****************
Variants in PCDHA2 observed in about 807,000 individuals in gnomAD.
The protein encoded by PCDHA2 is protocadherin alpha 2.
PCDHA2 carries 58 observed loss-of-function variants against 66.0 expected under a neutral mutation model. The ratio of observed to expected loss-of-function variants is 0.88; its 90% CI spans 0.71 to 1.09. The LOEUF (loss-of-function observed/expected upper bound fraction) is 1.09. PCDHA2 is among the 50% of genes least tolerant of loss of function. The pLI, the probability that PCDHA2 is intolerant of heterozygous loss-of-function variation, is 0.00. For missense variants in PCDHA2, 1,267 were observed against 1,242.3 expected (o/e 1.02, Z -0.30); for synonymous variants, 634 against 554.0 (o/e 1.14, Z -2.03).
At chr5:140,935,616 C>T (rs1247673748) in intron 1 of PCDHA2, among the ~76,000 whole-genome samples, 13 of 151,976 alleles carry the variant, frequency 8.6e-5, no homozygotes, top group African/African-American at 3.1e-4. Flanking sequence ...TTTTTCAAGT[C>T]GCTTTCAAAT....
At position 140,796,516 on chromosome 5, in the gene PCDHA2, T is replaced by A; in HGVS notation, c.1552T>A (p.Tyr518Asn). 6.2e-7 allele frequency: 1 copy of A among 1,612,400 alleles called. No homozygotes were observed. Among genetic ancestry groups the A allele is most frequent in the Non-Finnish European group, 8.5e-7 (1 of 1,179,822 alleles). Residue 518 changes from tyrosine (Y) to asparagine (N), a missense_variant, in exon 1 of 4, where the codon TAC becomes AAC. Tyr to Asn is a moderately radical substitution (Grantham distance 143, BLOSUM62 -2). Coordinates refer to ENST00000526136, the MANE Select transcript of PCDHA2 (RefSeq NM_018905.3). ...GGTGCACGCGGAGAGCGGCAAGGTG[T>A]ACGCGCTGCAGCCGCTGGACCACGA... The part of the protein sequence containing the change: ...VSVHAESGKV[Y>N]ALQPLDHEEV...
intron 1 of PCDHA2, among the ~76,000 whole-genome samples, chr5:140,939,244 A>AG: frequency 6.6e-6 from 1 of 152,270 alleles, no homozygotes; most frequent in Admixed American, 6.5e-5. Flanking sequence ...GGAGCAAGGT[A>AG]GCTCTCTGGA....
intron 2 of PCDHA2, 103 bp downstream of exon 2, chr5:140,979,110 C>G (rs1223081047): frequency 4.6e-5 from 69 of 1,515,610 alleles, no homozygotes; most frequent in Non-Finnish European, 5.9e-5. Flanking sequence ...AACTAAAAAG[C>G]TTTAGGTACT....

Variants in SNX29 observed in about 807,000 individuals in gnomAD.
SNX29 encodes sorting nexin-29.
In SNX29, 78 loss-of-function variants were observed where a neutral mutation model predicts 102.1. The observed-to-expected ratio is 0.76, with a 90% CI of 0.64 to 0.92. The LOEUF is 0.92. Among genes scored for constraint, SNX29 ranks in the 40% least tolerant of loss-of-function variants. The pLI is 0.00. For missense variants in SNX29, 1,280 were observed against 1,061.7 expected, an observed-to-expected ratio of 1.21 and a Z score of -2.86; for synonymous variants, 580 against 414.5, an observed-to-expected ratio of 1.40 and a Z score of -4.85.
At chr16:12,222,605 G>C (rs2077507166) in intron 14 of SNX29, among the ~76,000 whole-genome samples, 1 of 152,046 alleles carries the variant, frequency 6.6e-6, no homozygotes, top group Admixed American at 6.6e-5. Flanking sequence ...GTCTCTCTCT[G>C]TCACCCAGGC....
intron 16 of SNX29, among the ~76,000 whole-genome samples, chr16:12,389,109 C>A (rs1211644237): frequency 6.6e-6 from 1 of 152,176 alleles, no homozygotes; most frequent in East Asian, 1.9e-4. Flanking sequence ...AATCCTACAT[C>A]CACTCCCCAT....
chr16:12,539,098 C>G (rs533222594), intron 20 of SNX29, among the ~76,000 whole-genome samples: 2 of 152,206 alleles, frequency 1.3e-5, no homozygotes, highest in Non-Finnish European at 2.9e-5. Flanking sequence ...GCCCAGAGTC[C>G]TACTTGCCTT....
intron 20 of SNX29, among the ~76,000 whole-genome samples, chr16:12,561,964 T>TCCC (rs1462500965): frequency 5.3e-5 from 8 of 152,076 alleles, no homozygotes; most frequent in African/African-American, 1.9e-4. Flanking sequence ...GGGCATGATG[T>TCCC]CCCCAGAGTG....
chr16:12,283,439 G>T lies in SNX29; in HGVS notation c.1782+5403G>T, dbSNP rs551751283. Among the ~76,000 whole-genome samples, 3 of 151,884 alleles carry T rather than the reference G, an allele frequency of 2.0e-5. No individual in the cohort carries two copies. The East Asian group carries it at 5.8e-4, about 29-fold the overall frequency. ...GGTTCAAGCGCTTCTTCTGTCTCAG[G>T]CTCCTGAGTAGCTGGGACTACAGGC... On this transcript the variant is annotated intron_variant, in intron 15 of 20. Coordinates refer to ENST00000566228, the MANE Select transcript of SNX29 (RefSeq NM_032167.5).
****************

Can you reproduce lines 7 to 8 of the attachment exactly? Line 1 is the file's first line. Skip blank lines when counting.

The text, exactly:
intron 2 of PCDHA2, 103 bp downstream of exon 2, chr5:140,979,110 C>G (rs1223081047): frequency 4.6e-5 from 69 of 1,515,610 alleles, no homozygotes; most frequent in Non-Finnish European, 5.9e-5. Flanking sequence ...AACTAAAAAG[C>G]TTTAGGTACT....

Variants in SNX29 observed in about 807,000 individuals in gnomAD.